PHOTO CAPTION: Maggi Peyton (left) in 1976 with Mim Kelber, Bella Abzug and Harold Holzer. Photograph by Diana Mara Henry.


Maggi Peyton, a founder of Community Free Democrats and the Park West Village Tenants Association (along with Jerry Nadler), and a feminist who had the political eye of a mother hawk and the stamina and heart of a dancer, passed away Tuesday night. Our club honored her at our annual gala in April. Our hearts go out to her sons Randy and Sean and to all of those who knew her. It was an honor and a joy to know her.

Her wake will be held from 4 to 8 p.m. tomorrow, Friday, Oct. 28, at Frank E. Campbell Funeral Home, NW corner of 81st and Madison. Please spread the word.

It’s almost frightening that we will have to carry on without her. Maggi preferred to remain humbly behind the scenes, but those in the know knew you had to get to Maggi, to talk it over with her, to find out who to connect with to reach your political or governmental goals, or just to vent and bellyache. An activist and leader who also knew the value of patience, she was the quintessentially calm repository of relationships among grassroots community people and powerbrokers alike, here on the Upper West Side and throughout Manhattan. A ballet dancer by training with a remarkable understanding of people, she became a trusted aide to Congresswoman Bella Abzug and later worked for four Borough Presidents – Andrew Stein, C. Virginia Fields, Scott Stringer and Gale Brewer. She also was a founder of Women’s Political Caucus and the Bella Abzug Leadership Institute (with Bella’s daughter Liz). Maggi handled valuable bits of inside information like an air traffic controller, guaranteeing that each piece would be directed to the proper runway and arrive safely at its useful destination. She shared what she knew if you could be trusted with it, and you could always trust her. So very many secrets have been snuffed out with Maggi’s passing.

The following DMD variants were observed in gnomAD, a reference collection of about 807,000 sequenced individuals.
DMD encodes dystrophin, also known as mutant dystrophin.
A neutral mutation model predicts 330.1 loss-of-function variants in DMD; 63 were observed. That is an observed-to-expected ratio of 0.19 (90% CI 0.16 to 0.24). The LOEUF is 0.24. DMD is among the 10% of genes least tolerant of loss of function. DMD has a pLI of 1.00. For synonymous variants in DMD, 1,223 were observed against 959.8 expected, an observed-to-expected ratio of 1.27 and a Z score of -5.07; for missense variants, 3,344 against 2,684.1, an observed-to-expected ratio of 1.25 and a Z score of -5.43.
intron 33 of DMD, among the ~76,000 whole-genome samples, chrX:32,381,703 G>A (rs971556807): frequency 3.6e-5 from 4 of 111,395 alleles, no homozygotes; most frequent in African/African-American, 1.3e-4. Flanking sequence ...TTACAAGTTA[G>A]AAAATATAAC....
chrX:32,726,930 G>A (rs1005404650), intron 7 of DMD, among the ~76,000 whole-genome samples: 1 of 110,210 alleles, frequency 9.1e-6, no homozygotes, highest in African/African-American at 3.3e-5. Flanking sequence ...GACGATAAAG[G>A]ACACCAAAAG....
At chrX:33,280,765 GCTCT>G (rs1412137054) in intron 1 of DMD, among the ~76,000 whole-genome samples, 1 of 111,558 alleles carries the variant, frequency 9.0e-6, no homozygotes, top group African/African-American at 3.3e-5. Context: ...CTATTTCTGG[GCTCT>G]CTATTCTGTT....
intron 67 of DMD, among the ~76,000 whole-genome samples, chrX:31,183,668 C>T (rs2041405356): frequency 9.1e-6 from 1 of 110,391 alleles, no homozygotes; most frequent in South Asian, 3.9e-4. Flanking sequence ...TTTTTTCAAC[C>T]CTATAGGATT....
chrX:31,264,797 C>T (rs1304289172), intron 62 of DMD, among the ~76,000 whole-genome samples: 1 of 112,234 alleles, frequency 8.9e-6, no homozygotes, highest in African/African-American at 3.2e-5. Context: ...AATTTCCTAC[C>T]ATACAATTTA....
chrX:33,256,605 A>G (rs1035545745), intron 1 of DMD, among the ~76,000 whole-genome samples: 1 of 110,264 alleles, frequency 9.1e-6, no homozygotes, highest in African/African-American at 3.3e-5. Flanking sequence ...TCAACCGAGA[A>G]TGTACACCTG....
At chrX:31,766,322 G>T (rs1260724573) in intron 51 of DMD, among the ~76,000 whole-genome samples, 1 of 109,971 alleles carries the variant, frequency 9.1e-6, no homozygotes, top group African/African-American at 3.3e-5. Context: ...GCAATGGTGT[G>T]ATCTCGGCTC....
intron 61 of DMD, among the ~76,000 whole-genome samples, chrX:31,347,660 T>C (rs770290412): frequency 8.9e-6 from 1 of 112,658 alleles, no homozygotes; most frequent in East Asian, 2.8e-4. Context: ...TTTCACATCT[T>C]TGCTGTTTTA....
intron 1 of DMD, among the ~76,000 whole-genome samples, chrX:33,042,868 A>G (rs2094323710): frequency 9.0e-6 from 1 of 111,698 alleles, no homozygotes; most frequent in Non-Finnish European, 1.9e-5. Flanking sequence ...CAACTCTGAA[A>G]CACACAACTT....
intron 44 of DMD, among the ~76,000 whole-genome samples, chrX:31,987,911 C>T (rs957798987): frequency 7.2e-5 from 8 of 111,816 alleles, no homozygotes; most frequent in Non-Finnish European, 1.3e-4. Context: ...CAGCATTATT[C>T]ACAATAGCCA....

Scott Stringer has said time and again, “Maggi didn’t work for me. I worked for Maggi.”  We know that Maggi worked for all of us, and it worked.

Acclaimed Lincoln historian Harold Holzer, a close friend of Maggi’s, wrote this article in the Oct. 27th City and State: